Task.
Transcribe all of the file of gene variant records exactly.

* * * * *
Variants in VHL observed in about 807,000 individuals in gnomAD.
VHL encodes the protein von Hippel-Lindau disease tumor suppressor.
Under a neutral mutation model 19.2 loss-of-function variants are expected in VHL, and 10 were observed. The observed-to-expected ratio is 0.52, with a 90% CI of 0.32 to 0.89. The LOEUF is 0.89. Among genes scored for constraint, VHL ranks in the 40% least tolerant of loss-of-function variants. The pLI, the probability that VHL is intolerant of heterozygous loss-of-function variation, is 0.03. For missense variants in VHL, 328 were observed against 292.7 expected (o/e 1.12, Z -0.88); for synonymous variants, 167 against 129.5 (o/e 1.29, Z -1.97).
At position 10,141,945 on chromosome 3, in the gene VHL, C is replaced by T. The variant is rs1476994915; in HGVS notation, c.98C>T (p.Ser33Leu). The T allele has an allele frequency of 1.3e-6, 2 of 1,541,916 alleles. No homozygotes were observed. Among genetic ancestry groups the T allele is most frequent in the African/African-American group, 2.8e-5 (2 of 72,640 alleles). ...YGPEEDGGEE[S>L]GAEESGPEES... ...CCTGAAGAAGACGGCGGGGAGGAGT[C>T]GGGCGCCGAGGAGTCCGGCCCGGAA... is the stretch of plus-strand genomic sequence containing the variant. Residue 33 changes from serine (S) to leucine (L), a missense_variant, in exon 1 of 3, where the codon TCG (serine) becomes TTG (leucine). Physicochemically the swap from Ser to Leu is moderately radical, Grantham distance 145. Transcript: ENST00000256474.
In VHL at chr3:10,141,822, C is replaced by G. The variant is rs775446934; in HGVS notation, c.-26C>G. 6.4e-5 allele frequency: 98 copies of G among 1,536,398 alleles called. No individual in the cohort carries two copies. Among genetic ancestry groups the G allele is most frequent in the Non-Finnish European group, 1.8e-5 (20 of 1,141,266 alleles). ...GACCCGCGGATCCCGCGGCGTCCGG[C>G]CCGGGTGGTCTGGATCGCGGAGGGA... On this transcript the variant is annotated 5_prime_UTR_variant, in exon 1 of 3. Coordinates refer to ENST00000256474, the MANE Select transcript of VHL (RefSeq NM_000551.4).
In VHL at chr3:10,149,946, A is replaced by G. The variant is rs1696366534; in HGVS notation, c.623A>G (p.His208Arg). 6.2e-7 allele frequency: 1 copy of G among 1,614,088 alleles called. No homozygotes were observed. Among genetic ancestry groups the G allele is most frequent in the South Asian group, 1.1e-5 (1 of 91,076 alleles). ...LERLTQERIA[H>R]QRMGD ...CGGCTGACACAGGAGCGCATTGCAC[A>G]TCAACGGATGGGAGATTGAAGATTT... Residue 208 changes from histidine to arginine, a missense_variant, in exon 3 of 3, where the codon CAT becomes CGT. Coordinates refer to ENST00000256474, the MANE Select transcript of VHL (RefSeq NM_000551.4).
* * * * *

Variants in VHL observed in about 807,000 individuals in gnomAD.
VHL encodes the protein von Hippel-Lindau disease tumor suppressor.
Under a neutral mutation model 19.2 loss-of-function variants are expected in VHL, and 10 were observed. The observed-to-expected ratio is 0.52, with a 90% CI of 0.32 to 0.89. The LOEUF is 0.89. Among genes scored for constraint, VHL ranks in the 40% least tolerant of loss-of-function variants. The pLI, the probability that VHL is intolerant of heterozygous loss-of-function variation, is 0.03. For missense variants in VHL, 328 were observed against 292.7 expected (o/e 1.12, Z -0.88); for synonymous variants, 167 against 129.5 (o/e 1.29, Z -1.97).
At position 10,141,945 on chromosome 3, in the gene VHL, C is replaced by T. The variant is rs1476994915; in HGVS notation, c.98C>T (p.Ser33Leu). The T allele has an allele frequency of 1.3e-6, 2 of 1,541,916 alleles. No homozygotes were observed. Among genetic ancestry groups the T allele is most frequent in the African/African-American group, 2.8e-5 (2 of 72,640 alleles). ...YGPEEDGGEE[S>L]GAEESGPEES... ...CCTGAAGAAGACGGCGGGGAGGAGT[C>T]GGGCGCCGAGGAGTCCGGCCCGGAA... is the stretch of plus-strand genomic sequence containing the variant. Residue 33 changes from serine (S) to leucine (L), a missense_variant, in exon 1 of 3, where the codon TCG (serine) becomes TTG (leucine). Physicochemically the swap from Ser to Leu is moderately radical, Grantham distance 145. Transcript: ENST00000256474.
In VHL at chr3:10,141,822, C is replaced by G. The variant is rs775446934; in HGVS notation, c.-26C>G. 6.4e-5 allele frequency: 98 copies of G among 1,536,398 alleles called. No individual in the cohort carries two copies. Among genetic ancestry groups the G allele is most frequent in the Non-Finnish European group, 1.8e-5 (20 of 1,141,266 alleles). ...GACCCGCGGATCCCGCGGCGTCCGG[C>G]CCGGGTGGTCTGGATCGCGGAGGGA... On this transcript the variant is annotated 5_prime_UTR_variant, in exon 1 of 3. Coordinates refer to ENST00000256474, the MANE Select transcript of VHL (RefSeq NM_000551.4).
In VHL at chr3:10,149,946, A is replaced by G. The variant is rs1696366534; in HGVS notation, c.623A>G (p.His208Arg). 6.2e-7 allele frequency: 1 copy of G among 1,614,088 alleles called. No homozygotes were observed. Among genetic ancestry groups the G allele is most frequent in the South Asian group, 1.1e-5 (1 of 91,076 alleles). ...LERLTQERIA[H>R]QRMGD ...CGGCTGACACAGGAGCGCATTGCAC[A>G]TCAACGGATGGGAGATTGAAGATTT... Residue 208 changes from histidine to arginine, a missense_variant, in exon 3 of 3, where the codon CAT becomes CGT. Coordinates refer to ENST00000256474, the MANE Select transcript of VHL (RefSeq NM_000551.4).